TO BE CONTINUED ............



Edited By Fred Sellars on 11/01/2020 15:20:55

Fred Sellars18/01/2020 09:54:38
575 forum posts
242 photos



It'll all come out in the wash (pardon the pun) , but in this instance it was the reverse that was the problem .

Very little has been mentioned by the GPO with regards to the contaminants (fluorescent fibres) it's all been kept a bit under wraps, nevertheless, it would have been an embarrassment due to the length of time it took to rectify the situation ( 3 years? ) , is it any wonder why they kept it so quiet unlike the declaration of 1962 from cream to whiter papers.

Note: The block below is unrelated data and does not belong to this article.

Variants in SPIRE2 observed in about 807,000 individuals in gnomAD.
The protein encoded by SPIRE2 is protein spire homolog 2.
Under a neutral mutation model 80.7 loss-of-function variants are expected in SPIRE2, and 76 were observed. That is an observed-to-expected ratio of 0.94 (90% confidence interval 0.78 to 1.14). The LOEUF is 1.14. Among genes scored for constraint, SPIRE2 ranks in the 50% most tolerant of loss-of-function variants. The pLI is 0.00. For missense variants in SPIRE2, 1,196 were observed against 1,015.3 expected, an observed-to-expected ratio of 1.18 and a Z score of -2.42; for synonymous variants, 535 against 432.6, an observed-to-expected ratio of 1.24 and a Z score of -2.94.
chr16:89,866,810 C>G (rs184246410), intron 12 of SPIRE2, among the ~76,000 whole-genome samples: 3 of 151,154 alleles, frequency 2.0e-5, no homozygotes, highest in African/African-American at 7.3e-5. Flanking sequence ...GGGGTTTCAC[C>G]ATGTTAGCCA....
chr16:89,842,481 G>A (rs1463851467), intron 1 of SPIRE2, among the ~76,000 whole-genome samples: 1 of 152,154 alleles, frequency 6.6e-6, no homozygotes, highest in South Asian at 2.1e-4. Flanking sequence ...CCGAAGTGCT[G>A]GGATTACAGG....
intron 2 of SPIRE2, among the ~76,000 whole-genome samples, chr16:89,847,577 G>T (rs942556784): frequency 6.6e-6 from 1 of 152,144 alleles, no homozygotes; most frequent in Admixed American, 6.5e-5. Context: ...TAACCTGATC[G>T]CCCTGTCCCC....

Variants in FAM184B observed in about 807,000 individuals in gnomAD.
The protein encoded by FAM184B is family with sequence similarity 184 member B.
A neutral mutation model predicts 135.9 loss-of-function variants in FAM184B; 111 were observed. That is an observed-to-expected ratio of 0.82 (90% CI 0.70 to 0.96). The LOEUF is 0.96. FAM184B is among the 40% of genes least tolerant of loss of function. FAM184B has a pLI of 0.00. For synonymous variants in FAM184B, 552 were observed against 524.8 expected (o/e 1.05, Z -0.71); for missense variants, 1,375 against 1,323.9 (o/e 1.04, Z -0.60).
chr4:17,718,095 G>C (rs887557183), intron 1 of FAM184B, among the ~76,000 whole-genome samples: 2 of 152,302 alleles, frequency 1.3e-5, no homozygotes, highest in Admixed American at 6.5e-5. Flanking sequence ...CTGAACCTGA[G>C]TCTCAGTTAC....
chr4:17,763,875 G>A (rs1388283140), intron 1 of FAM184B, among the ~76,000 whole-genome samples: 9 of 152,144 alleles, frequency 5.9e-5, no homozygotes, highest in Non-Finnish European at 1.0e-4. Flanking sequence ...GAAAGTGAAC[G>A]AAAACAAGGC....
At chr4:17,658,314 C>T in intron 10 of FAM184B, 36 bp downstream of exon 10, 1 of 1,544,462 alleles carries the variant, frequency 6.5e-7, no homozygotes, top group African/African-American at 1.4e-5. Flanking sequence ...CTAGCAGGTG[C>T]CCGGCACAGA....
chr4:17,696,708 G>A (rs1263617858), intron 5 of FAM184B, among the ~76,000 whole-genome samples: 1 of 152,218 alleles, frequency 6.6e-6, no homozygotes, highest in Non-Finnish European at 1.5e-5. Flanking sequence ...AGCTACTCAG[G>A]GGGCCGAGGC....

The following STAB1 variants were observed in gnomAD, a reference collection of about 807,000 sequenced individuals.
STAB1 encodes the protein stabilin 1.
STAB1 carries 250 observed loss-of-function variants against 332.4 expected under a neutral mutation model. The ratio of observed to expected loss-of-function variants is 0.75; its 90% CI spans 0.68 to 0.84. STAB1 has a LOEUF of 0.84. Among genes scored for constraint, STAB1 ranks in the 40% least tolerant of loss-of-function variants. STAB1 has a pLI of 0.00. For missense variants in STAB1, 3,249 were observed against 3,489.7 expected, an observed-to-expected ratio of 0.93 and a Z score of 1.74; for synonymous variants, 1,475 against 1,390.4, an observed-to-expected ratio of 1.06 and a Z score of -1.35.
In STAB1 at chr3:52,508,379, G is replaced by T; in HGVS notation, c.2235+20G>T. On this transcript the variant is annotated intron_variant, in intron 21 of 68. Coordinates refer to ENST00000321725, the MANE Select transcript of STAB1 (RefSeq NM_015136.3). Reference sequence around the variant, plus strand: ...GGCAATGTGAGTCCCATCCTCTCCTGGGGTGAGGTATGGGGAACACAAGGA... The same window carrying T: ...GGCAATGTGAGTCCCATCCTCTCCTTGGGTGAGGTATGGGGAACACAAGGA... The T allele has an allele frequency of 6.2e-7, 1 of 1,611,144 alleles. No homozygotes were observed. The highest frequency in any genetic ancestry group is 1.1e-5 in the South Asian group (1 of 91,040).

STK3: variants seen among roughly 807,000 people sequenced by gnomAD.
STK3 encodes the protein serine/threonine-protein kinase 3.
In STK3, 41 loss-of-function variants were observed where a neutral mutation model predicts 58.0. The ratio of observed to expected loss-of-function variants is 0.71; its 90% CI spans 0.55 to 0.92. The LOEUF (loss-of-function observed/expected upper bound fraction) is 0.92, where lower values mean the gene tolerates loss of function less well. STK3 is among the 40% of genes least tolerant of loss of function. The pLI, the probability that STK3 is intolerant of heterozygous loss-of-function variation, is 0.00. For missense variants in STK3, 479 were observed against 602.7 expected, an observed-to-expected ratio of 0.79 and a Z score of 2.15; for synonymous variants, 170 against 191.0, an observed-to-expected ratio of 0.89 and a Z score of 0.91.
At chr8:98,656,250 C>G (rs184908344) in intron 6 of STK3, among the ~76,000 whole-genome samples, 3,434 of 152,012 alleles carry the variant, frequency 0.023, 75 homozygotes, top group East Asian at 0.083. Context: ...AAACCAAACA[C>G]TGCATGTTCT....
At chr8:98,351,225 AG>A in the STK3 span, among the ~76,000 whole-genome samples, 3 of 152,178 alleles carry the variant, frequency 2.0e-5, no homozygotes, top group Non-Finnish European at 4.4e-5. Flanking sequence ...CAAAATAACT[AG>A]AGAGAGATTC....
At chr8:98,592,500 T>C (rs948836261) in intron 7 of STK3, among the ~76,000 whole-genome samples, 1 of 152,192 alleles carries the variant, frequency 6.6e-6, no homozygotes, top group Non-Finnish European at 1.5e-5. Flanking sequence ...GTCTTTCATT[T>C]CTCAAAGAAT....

If the GPO had been perturbed because of the differences in the cream paper think of what the fluorescent particles would have meant as they were much more prominent than the previous cream variations encountered, filtering the water would be of little use to remove this type of contamination.

TO BE CONTINUED ..........

Edited By Fred Sellars on 18/01/2020 09:56:33

Fred Sellars23/01/2020 21:30:58
575 forum posts
242 photos


There must have been several options open to them, either remove the offending fluorescent fibres by means of oxidisation or to camouflage/mask them in order not to be noticed by the use of additional optical brightening agents whilst the rag was still in the pulp stage .

It is presumed that the whiter paper was required for the Automatic Letter Facing section of the system (A L F) as this was just one of the various processes for the system as a whole to work .